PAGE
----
‘Testicle wash,’ a new male contraceptive, zaps sperm (and feels like a warm bath).


‘Testicle wash,’ a new male contraceptive, zaps sperm (and feels like a warm bath).

ARE YOU INTERESTED in trying a novel male contraception that zaps sperm to prevent pregnancy?

A new bath-like device that heats the testicles and reduces sperm motility is based on this principle.

According to the designers, this should prevent pregnancy and is reversible in just a few months, allowing for family planning.

The notion has only been tested on animals so far, but it is hoped that it will soon be applied to humans.

As the search for a male alternative to the Pill, coil, and implant continues, designer Rebecca Weiss hopes it will revolutionize contraception.

“The device is filled with water and immediately warmed up to operational temperature,” she added of COSO.

“The therapy is given while sitting with the legs spread apart.

“The sensation will be similar to that of a warm bath because the water temperature is only slightly over body temperature.”

“The testicles are placed inside and subjected to ultrasonic testing for a few minutes.

“The ultrasound causes the testicular tissue to heat up deeply.”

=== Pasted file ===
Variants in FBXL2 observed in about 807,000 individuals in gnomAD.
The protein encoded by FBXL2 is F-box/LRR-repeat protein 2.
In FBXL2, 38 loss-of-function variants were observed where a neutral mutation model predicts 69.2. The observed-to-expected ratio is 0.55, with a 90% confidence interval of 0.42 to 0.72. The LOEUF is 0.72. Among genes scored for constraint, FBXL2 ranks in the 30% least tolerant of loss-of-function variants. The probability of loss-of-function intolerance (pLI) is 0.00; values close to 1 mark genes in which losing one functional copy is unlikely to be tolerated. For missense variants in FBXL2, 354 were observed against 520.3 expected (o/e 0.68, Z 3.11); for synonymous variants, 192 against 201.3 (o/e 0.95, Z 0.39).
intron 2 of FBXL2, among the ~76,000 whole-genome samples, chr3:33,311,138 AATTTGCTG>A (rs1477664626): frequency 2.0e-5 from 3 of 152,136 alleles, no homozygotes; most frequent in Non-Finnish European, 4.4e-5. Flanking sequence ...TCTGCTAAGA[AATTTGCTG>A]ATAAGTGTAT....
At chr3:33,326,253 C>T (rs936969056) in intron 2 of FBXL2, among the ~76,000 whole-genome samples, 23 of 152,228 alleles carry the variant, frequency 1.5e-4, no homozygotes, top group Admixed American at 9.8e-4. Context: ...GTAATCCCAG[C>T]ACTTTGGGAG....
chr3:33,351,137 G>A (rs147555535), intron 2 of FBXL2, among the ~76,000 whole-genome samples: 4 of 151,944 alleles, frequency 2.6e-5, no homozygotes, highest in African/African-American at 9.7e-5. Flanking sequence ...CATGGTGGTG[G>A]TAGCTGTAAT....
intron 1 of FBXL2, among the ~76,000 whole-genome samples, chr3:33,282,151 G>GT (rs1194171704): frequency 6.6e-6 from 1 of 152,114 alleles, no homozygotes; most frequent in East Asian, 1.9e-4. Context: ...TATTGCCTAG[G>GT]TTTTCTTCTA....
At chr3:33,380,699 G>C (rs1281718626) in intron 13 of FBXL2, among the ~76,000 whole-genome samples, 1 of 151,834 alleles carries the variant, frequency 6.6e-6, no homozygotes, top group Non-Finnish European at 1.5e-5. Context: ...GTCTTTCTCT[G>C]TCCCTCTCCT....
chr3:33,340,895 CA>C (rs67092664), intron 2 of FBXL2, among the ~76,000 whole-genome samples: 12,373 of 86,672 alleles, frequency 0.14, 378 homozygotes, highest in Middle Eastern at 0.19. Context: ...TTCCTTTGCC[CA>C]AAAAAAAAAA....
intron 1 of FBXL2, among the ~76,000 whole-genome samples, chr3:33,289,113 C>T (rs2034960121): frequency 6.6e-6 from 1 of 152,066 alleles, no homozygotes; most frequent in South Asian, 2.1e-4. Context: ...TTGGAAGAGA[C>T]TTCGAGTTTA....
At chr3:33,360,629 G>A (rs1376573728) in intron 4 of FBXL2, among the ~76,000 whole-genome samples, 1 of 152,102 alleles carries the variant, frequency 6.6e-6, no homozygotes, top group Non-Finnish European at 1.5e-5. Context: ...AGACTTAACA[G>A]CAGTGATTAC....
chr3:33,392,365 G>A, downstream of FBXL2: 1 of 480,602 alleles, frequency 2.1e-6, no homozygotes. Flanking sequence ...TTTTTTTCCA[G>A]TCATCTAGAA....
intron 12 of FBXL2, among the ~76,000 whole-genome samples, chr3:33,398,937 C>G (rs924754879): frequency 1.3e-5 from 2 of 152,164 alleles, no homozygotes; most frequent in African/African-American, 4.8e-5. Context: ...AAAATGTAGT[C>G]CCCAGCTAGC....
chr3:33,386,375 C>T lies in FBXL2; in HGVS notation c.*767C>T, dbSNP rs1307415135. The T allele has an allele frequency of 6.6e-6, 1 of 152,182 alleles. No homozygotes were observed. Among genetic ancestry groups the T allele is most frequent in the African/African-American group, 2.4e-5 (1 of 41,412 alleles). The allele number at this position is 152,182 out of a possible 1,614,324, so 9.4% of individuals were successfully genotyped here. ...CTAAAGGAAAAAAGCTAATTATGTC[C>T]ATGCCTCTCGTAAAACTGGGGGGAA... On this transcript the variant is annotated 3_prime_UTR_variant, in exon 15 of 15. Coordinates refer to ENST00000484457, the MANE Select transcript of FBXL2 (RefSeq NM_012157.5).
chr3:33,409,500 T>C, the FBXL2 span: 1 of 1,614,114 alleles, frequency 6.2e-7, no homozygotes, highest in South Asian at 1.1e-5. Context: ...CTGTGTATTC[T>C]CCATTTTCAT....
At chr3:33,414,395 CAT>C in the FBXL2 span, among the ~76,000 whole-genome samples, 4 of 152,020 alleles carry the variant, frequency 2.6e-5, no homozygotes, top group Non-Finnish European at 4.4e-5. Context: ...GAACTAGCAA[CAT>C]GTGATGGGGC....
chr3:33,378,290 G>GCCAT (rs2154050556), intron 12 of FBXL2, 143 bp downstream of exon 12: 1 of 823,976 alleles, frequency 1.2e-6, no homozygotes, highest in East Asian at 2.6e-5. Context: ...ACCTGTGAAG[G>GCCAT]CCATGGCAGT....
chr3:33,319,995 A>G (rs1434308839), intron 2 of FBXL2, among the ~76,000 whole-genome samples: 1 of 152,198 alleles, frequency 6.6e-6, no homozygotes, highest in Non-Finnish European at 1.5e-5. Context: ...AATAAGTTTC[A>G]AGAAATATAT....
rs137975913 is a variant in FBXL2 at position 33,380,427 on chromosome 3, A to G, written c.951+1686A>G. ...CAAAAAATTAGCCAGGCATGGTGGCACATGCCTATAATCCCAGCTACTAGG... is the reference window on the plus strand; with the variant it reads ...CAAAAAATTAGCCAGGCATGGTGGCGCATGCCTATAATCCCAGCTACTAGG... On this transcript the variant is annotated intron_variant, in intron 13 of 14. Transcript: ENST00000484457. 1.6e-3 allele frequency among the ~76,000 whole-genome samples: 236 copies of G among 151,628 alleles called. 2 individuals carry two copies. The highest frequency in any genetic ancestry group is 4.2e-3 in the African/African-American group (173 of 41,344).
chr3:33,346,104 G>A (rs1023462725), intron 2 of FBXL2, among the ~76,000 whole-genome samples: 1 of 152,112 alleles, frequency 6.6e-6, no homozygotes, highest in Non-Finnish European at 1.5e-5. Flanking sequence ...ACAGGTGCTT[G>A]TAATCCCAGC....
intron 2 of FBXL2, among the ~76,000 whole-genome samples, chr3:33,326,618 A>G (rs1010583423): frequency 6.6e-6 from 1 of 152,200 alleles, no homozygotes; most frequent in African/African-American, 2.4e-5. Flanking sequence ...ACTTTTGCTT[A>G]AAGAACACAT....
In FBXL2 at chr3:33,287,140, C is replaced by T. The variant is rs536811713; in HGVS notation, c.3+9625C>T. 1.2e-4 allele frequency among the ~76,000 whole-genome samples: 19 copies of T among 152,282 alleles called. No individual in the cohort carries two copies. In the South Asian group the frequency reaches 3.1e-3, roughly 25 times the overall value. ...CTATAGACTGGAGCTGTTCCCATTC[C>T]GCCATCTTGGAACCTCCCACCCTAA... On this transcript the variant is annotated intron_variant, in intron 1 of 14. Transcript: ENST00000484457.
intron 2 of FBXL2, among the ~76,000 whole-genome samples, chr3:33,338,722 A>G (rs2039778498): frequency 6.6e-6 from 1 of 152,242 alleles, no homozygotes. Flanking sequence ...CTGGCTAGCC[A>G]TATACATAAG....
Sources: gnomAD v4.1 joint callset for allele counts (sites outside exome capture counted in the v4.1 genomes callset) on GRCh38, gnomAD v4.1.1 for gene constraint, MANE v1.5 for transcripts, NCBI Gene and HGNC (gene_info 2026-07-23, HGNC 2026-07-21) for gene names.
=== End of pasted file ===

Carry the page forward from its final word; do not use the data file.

“By altering sperm motility, this focused application of heat stops the female egg from being fertilized.”

“In addition, for a period of time, the creation of fresh sperm is inhibited.

“As a result, a consistent contraceptive effectiveness is established.”

A doctor would configure the device before it was used for the first time to suit the user’s testicle shape and size.

It can be utilized at home after it is up and running. It would be used to provide two fifteen-minute treatments separated by two days.

The contraceptive should be effective after two weeks and last for at least two months.

A COSO app, which can be shared with a partner, would log treatments and notify men when it was time to use the device again.

Fertility should return to normal six months following the final treatment, according to experts.

The research is still “hypothetical,” according to the COSO website, because it hasn’t been demonstrated to stop pregnancies in humans.

Its effectiveness is unknown, but it would have to match the 99 percent and higher success rates of condoms, the Pill, and other methods to be regarded trustworthy by consumers.

However, studies have shown that when testes are exposed to high temperatures, such as those found in hot tubs, saunas, and laptops, sperm counts can temporarily drop.

Rebecca, from Munich, Germany, claims that the science behind her proposal has been verified on animals, and she now seeks to get her design clinically evaluated on humans.

The final release date will be determined by the findings of such a clinical trial, but she anticipates “significant milestones” in the next two to three years.

“The pricing is heavily influenced by whether COSO is classified as a medical or non-medical equipment,” she explained.

“As a consumer product,…


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